It wasn’t so long ago that the once-fearsome lawyer Roy Cohn and his infamous career seemed destined to be no more than a colorful footnote to history. Cohn was a gaudy character, for sure — a hustler, a fixer, and an amoral hypocrite of incredible drive — whose life as a closeted man ended in tragic comeuppance when he died of AIDS in 1986, insisting to the last that he couldn’t possibly be dying of that gay disease. Tony Kushner wrote a vivid version of him into Angels in America, and that might have been the last word on Cohn if not for the fact that, in midlife, he had met and started giving legal and how-to-get-away-with-it life advice to a then-young Donald Trump, helping mold him into the man who became president.
This year, two ambitious Roy Cohn documentaries seek to explain this troubling figure. Matt Tyrnauer’s Where’s My Roy Cohn? came about while the director was making a documentary on Studio 54, where Cohn not only spent his off-hours hobnobbing amid its disco debauch but also served as the legendary nightclub’s preening attack lawyer. A week after the release of Tyrnauer’s Cohn doc, Ivy Meeropol’s Bully. Coward. Victim. The Story of Roy Cohn has its world premiere at the New York Film Festival (it will air on HBO next year). Meeropol’s grandparents were Julius and Ethel Rosenberg, whom a patriotically zealous young Cohn, right out of law school, helped send to the electric chair for spying for the Russians. (In 2004, she made a documentary about her family, Heir to an Execution.) But curiously, hers is somewhat more generous than Tyrnauer’s film in depicting Cohn’s transactional humanity, including the brazen orchestration of his gayness, especially later in his life in Provincetown, where he was the closest to being out that he had ever been able to be (the movie features a series of never-before-seen personal photos of Cohn, one of which is above).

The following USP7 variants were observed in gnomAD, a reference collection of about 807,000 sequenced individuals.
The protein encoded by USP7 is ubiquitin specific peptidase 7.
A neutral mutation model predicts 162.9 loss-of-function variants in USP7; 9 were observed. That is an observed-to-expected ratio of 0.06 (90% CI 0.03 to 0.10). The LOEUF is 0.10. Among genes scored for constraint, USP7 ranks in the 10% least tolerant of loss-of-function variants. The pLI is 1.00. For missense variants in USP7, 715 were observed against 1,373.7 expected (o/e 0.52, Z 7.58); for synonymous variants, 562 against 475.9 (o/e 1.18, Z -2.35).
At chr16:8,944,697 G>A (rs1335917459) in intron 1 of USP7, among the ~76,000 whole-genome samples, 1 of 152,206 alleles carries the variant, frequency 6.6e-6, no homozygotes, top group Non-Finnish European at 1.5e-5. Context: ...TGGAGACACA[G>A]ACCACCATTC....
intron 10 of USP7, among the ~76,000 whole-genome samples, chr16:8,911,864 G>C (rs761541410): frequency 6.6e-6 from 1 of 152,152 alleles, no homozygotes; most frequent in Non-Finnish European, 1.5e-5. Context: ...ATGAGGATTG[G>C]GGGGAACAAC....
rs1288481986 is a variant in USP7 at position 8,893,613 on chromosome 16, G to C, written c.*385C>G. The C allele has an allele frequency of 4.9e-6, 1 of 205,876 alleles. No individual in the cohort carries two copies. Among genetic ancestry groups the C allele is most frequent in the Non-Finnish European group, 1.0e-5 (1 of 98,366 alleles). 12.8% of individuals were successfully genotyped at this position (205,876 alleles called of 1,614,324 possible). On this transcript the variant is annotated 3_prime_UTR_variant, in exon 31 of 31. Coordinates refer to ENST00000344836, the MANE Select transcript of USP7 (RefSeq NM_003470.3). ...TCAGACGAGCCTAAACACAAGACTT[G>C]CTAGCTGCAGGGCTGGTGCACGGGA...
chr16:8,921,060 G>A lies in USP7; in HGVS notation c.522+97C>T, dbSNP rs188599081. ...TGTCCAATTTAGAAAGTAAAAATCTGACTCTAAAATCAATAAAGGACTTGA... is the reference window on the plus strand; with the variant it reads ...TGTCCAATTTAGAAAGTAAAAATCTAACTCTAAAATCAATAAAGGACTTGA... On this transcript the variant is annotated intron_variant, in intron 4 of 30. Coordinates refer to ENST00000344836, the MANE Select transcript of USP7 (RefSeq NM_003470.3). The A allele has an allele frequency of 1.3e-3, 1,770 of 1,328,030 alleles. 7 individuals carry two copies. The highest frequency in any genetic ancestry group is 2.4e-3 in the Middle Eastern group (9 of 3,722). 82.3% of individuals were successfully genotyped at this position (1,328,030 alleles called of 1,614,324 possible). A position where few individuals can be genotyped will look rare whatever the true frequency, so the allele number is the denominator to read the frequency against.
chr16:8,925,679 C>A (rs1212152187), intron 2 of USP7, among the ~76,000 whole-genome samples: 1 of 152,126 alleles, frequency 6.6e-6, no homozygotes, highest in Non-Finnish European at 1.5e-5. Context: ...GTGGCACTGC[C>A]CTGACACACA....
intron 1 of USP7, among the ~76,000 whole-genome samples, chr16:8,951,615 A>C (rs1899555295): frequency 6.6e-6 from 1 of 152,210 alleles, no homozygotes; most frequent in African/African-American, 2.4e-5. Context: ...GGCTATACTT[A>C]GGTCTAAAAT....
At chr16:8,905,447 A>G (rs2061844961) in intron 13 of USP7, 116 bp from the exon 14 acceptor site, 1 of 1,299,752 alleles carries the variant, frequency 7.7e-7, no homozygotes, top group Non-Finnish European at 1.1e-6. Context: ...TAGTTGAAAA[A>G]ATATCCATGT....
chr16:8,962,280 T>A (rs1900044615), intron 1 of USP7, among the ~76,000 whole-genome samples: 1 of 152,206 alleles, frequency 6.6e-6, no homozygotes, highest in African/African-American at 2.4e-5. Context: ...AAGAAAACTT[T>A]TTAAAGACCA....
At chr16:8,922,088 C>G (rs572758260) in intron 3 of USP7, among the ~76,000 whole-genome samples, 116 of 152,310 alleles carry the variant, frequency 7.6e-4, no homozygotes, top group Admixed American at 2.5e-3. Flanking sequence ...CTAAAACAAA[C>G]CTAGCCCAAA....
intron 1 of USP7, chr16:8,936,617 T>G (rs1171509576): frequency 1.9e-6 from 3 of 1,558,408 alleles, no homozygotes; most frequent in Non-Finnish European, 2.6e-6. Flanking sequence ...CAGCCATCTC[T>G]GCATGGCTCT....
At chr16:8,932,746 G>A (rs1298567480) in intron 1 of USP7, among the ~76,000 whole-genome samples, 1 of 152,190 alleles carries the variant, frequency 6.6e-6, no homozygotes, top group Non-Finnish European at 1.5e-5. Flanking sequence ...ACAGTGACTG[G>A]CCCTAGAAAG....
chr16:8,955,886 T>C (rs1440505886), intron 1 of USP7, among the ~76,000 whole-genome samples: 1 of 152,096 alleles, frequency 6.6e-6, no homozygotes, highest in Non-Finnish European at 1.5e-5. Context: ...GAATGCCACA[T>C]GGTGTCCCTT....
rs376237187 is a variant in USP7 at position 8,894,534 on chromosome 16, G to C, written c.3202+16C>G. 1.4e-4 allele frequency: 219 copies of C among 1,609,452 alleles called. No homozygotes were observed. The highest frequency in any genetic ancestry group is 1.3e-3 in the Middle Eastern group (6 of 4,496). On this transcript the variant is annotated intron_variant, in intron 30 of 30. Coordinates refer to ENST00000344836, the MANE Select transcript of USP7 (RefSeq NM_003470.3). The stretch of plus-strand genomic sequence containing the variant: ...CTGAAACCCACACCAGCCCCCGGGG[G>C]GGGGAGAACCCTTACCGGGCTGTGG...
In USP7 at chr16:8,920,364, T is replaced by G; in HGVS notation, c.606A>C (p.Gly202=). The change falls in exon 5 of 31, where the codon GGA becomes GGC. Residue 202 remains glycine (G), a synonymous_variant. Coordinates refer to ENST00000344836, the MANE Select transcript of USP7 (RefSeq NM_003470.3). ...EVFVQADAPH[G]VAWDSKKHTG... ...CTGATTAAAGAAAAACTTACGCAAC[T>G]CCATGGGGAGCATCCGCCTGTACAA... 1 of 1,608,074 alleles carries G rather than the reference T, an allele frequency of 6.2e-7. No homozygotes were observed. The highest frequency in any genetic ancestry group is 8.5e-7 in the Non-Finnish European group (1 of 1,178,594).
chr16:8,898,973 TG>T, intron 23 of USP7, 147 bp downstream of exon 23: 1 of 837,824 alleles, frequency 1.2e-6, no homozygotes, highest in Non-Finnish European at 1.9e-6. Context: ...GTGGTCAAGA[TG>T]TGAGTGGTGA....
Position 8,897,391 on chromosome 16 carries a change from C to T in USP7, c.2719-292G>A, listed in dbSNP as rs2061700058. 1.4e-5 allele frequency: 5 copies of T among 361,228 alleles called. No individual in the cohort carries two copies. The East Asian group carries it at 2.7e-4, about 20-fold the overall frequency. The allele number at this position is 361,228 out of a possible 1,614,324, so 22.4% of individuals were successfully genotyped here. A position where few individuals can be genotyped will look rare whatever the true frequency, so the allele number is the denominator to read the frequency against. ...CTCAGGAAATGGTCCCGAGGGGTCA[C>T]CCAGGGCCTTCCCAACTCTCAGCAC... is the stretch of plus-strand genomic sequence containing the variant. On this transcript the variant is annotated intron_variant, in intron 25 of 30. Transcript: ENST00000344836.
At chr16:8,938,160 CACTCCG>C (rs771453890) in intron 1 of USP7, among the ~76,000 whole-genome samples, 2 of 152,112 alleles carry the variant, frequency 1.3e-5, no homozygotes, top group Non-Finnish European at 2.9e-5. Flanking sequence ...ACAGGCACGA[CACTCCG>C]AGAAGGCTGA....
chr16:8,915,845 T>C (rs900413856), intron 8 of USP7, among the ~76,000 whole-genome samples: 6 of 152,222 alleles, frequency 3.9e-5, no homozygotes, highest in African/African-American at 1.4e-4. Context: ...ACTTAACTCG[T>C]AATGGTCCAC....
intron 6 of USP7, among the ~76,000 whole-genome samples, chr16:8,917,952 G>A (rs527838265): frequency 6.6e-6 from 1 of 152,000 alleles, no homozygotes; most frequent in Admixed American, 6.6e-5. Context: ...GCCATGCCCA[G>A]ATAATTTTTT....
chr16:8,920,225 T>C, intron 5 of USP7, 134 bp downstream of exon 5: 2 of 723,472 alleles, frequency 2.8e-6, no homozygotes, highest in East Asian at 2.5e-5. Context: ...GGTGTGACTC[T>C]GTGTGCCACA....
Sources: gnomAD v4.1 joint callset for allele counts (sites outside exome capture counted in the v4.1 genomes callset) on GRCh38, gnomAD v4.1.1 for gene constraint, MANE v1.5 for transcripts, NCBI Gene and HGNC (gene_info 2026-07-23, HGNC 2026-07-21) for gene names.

Even Meeropol’s title is a bit poetically humanizing: It is what was written on Cohn’s panel of the AIDS Memorial Quilt, unfurled in 1987 to eulogize those who’d succumbed to the disease. But the director admits that for much of her life, she really didn’t know anything about Cohn besides his helping to do great harm to her family. When I met up with her at Snack Taverna in the West Village, near where she was finishing the final edits on the film, she made it clear that her family’s story wasn’t the lens through which she wanted to show Cohn.
Why did you decide to make this film?
This story has been percolating with me since 1988, when my father and I stumbled on Roy Cohn’s panel on the AIDS quilt. Neither of us knew that he was gay or that he had died of AIDS. I only knew him as a name, as an evil specter from the [Rosenbergs’] trial. He was a fascinating figure, and for many years there’d been no real documentary treatment of him. But I actually thought, Somebody else can do that. I don’t have to be the Rosenbergs’ granddaughter all the time in my work.
Do you know who made that panel?
We don’t. We tried to find them. It’s an anonymous person, but we have a letter that they wrote about why they wanted people to know who Cohn was. I’m hoping maybe when the film comes out that this person will come forward. We’ve borrowed the title because, at the moment, we both had this reaction like, Good, the bastard. But then, simultaneously, Oh, the poor bastard.